Characteristics of a guru

Jaldhar H. Vyas jaldhar at BRAINCELLS.COM
Sun Jul 9 22:04:36 CDT 2000

On Sat, 1 Jul 2000, T Swaminarayan wrote:

> Reasoning, Faith, Trust and Experience. That is the order in which any
> aspirant for liberation moves towards his goal. Without an exception,
> every exponent of the scriptures confirms that without a guru one
> cannot hope to reach the pinnacle of experience. Again , I wonder, how
> many of the mumukshus can with certain amount of certainty explain the
> charactearistics of a guru based on which he himself decided to go to
> that guru to progress in his own quest FOR LIBERATION?

As Guru Purnima is coming up on Sunday this is a good question to ask.

In the Bhagavata Purana, 12th Skandha is the story of Bhagawan Dattatreya
who had 24 Gurus all of which taught him something.  Personally I am
trying to follow this advice.  Those Mahatmas I have met (and I hope to
meet many more!) I just ask for advice on the next step.  Hopefully after
enough steps mukti will be achieved but if I just know I'm going in the
right direction thats's good enough for me.

> How are you certain that your guru is a Brahmanishti? Are you sure
> that your guru is not the Scriptural blind character ,following whom
> other followers of his also end up in darkness?

One way to ascertain this is to increase your own knowledge of the
shastras.  Just as when selecting a doctor it is helpful to know some
medical terminology so you can tell the good ones from the quacks.  A true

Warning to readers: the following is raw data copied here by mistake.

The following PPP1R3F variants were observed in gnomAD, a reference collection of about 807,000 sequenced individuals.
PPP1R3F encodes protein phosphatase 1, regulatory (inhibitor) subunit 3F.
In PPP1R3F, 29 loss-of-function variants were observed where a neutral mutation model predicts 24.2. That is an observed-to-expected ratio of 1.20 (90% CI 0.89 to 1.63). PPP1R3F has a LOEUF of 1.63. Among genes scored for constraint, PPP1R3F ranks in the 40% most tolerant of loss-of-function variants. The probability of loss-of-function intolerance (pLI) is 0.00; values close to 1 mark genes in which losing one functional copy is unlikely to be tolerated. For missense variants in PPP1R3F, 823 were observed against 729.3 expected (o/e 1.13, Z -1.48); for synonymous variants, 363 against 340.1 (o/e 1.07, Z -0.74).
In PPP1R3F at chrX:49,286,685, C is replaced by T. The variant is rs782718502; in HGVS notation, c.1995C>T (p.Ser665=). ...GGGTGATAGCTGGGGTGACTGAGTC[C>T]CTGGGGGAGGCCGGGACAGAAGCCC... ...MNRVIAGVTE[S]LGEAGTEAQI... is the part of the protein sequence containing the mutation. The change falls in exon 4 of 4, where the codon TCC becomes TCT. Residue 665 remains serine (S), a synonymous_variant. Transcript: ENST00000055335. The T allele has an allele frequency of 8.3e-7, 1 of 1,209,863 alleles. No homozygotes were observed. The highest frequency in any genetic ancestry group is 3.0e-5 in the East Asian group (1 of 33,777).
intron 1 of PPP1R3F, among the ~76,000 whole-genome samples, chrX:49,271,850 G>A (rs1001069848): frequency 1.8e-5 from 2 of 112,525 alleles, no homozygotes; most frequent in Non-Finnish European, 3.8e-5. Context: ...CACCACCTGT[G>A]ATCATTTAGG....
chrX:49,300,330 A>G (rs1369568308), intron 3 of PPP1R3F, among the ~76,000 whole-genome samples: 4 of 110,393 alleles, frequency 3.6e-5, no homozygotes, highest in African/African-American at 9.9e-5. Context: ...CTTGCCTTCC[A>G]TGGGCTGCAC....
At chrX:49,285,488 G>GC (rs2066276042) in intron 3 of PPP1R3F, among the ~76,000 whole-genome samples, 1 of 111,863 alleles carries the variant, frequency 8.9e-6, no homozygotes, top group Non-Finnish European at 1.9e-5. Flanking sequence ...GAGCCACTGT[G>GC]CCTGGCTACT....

Guru will never be offended by a question asked sincerely.  On the
contrary he will welcome such questions.

On Guru Purnima we do Vyasa Puja to honor the author of the Vedanta
shastra and salute the Parampara that descends from Him to the present
day.  When I examine the teachings of the Acharyas of the Smarta
Sampradaya of today I see that they are the same as we know from the Vedas
and the writings of Jivanamuktas such as Shankaracharya etc.  So I have
full faith that their words are authentic not just catering to the latest

> Why have our great Scriptures left such a big void in this regard? Why
> have our great Acharyas not given a more easy way for poor mumukshus
> to locate a Brahmanishti?

I think because it is an emotional bond like that of a mother or
father.  It involves issues of trust, faith etc. that books don't convey
easily.  However our shastras do give some clues in this regard.  I'll
post more on this subject later.

> Instead of merely saying that one should have trust in a guru or faith
> in that guru can any of the learned members of this list prescribe
> some basic charactearistics of a Brahmanishti that we can quickly and
> surely identify and locate?

There are some people I have met who just seemed to radiate peace and
tranquility.  I think in the Yogasutras there is something about how a
person who practices ahimsa, spreads it to those around him.

I've already mentioned that he should be learned in the shastras and
practice them diligently.

There are many people out there who are willing to flatter rich and
gullible people out of their money or just act as a mirror for their
narcissism but something that always impresses me is if a person is
willing to tell you what is true even if you don't want to hear it.  A
wholehearted dedication to the truth is the most important quality of a
Guru in my opinion.

Jaldhar H. Vyas <jaldhar at>

bhava shankara deshikame sharaNam

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